Hawaii Awarded Grant Money to Reduce Diesel Emissions

Listen to this Article
3 minutes
Loading Audio... Article will play after ad...
Playing in :00

The U.S. Environmental Protection Agency (EPA) Monday announced the award of $14,304,998 in Diesel Emission Reduction Act (DERA) grants to public and private partners across Arizona, California, Hawaii, Nevada and the Pacific island territories.

The funds will be used to retrofit and replace old, polluting diesel vehicles and equipment, including school buses, heavy-duty trucks, tractors, port and construction equipment.

Hawai‘i Department of Health received $474,474 to help with partner vehicle replacements. Honolulu City and County Board of Water Supply will replace one truck; the Hawai‘i Department of Transportation will replace one road zipper; and the State of Hawai‘i Department of Business, Economic Development and Tourism Offices will replace two buses.

These funds will be combined with $316,494 in Volkswagen Mitigation Settlement funds and $2,511,239 in fleet cost-share.


“By promoting clean diesel technologies, we can improve air quality and human health, advance American innovation and support green jobs,” said EPA Pacific Southwest Regional Administrator Mike Stoker. “Reducing exposure to diesel pollution is important for everyone, particularly children, one of our most sensitive populations.”

From 2008 to 2016, EPA has awarded $629 million nationally to retrofit or replace 67,300 engines and equipment from port, airport, transit and school bus, rail, long and short haul truck, drayage truck, marine vessel, agriculture, construction, and other fleets. More than 454 million gallons of fuel have been saved as a result of DERA projects. EPA estimates that total lifetime emission reductions achieved through DERA include 15,490 tons of particulate matter and 472,700 tons of nitrogen oxides. These reductions have created up to $19 billion of health benefits.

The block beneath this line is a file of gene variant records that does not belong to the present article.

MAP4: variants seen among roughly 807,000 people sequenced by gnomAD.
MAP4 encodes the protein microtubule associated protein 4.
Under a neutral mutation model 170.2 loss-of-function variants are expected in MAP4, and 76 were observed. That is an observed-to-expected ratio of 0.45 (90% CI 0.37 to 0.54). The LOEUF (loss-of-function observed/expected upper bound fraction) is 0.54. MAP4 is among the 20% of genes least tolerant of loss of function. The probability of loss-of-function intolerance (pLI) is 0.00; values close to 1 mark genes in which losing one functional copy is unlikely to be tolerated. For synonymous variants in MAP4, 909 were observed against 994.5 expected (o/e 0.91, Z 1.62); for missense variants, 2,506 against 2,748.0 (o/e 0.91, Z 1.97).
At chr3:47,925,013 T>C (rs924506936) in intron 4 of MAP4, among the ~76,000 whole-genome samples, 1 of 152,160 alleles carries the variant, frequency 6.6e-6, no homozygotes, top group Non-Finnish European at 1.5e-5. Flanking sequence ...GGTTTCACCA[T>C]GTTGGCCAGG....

Throughout October, EPA is celebrating Children’s Health Month and highlighting many programs and resources that tribes, states, territories and local partners can use to protect our nation’s children. This fiscal year (Oct. 2018 – Sept. 30 2019), EPA awarded more than $9 million in DERA funding for rebates to replace older diesel school buses with newer, cleaner vehicles.


These efforts in the western United States are part of the West Coast Collaborative, which leverages public and private funds and partnerships to reduce emissions from the most polluting diesel sources. The vehicle and equipment upgrades will cut emissions of fine particulates, nitrogen oxides, hydrocarbons, and carbon monoxide.

EPA has implemented standards to make diesel engines more than 90 percent cleaner, but many older diesel engines remain in operation and predate these standards. Older diesel engines emit large amounts of pollutants such as nitrogen oxides and particulate matter. These pollutants are linked to health problems, including aggravated asthma, lung damage, and other serious health problems.

DERA grants have supported nearly 25,000 cleaner buses across the country for America’s schoolchildren. School buses travel over 4 billion miles each year, providing the safest transportation to and from school for more than 25 million American children every day. However, exhaust from diesel buses can harm health, especially in children, who have a faster breathing rate than adults and whose lungs are not yet fully developed.


Sponsored Content

Subscribe to our Newsletter

Stay in-the-know with daily or weekly
headlines delivered straight to your inbox.


This comments section is a public community forum for the purpose of free expression. Although Big Island Now encourages respectful communication only, some content may be considered offensive. Please view at your own discretion. View Comments